Love Under Fire


Chapter 10—Progress in Germany

Luther's mysterious disappearance upset all of Germany. Wild rumors circulated, and many people believed he had been murdered. There was great mourning, and many took solemn vows to avenge his death. LF 80.1

At first Luther's enemies rejoiced at his supposed death, but they were filled with fear when they learned that he had become a captive. “The only remaining way to save ourselves,” one of them said, “is to light torches and hunt for Luther through the whole world, to restore him to the nation that is calling for him.”1 The news that he was safe, though a prisoner, calmed the people, while they read his writings more eagerly than ever before. Increasing numbers took sides with the heroic man who had defended the Word of God. LF 80.2

The seed Luther had sown sprang up everywhere. His absence accomplished a work that his presence would have failed to do. Now that their great leader was removed, other laborers stepped forward so that the work that had begun so nobly would not be held back. LF 80.3

Satan now tried to deceive and destroy the people by palming off on them a counterfeit in place of the true work. Just as there were false christs in the first century, so there arose false prophets in the sixteenth. LF 80.4

A few men imagined that they had received special revelations from Heaven and that God had commissioned them to carry forward the Reformation which, they claimed, Luther had only feebly begun. Actually, they were undoing the work that he had accomplished. They rejected the principle of the Reformation—that the Word of God is the all-sufficient rule of faith and practice. In place of that unerring guide, they substituted the uncertain standard of their own feelings and impressions. LF 80.5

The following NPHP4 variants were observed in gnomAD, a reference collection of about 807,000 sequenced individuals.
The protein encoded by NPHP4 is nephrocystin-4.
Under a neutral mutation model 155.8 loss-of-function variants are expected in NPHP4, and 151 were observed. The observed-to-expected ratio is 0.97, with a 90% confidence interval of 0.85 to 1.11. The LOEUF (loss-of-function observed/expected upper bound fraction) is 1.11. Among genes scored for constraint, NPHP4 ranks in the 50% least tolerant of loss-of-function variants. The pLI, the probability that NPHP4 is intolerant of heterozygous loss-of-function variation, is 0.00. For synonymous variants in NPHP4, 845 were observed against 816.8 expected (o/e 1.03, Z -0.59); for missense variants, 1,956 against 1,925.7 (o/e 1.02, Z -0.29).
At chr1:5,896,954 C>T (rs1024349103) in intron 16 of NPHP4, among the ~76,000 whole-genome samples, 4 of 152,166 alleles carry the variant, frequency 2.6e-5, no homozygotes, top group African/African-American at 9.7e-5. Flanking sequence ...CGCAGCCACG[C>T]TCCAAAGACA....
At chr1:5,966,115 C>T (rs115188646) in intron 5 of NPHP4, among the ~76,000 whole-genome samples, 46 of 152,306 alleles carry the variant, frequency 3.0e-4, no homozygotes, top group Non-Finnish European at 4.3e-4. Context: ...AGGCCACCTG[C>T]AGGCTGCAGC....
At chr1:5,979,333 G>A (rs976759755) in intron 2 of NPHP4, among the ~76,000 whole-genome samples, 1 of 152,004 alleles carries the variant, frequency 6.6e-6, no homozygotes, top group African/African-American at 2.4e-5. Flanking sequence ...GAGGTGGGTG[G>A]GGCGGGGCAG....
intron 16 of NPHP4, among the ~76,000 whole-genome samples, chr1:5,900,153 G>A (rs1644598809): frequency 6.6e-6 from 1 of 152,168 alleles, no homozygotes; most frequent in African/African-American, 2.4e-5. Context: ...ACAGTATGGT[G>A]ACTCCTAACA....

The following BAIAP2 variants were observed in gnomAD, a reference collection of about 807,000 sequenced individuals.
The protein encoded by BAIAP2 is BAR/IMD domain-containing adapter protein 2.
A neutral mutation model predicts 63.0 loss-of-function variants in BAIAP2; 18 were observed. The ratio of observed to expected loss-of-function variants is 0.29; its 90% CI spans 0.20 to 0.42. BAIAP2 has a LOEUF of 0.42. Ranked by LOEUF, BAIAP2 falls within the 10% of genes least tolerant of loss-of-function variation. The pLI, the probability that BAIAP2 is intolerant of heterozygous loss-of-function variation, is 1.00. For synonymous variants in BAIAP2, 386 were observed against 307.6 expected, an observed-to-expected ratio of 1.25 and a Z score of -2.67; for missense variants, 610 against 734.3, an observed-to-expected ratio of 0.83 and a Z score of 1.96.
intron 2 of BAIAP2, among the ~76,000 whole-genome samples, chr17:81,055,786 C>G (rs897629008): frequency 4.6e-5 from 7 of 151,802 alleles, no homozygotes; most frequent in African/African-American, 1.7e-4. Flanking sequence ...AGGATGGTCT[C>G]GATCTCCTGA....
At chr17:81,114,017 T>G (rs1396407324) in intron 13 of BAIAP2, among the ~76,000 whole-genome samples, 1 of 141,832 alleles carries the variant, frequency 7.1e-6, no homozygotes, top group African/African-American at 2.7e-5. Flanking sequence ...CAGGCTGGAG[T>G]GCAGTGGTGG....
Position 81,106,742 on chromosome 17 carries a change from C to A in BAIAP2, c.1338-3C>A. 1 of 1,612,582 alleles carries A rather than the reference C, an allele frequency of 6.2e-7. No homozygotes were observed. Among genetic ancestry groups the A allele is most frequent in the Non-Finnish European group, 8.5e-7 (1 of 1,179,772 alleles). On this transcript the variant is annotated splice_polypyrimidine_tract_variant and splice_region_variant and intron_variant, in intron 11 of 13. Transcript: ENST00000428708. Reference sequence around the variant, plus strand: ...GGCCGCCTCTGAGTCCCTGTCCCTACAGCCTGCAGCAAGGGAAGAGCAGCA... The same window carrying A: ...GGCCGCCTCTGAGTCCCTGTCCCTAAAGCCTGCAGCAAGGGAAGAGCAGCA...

People who were naturally inclined to fanaticism united with them. The deeds of these extremists created considerable excitement. Luther had stirred the people to feel the need of reform, and now some really honest persons were misled by the false claims of the new “prophets.” LF 80.6

The leaders of the movement urged their claims on Melanchthon: “God has sent us to instruct the people. We have held direct conversations with the Lord; we know what will happen. In a word, we are apostles and prophets, and we appeal to Dr. Luther.” LF 80.7

The Reformers were perplexed. Melanchthon said: “There are indeed extraordinary spirits in these men; but what spirits? ... On the one hand, let us beware of quenching the Spirit of God, and on the other, of being led astray by the spirit of Satan.”2 LF 80.8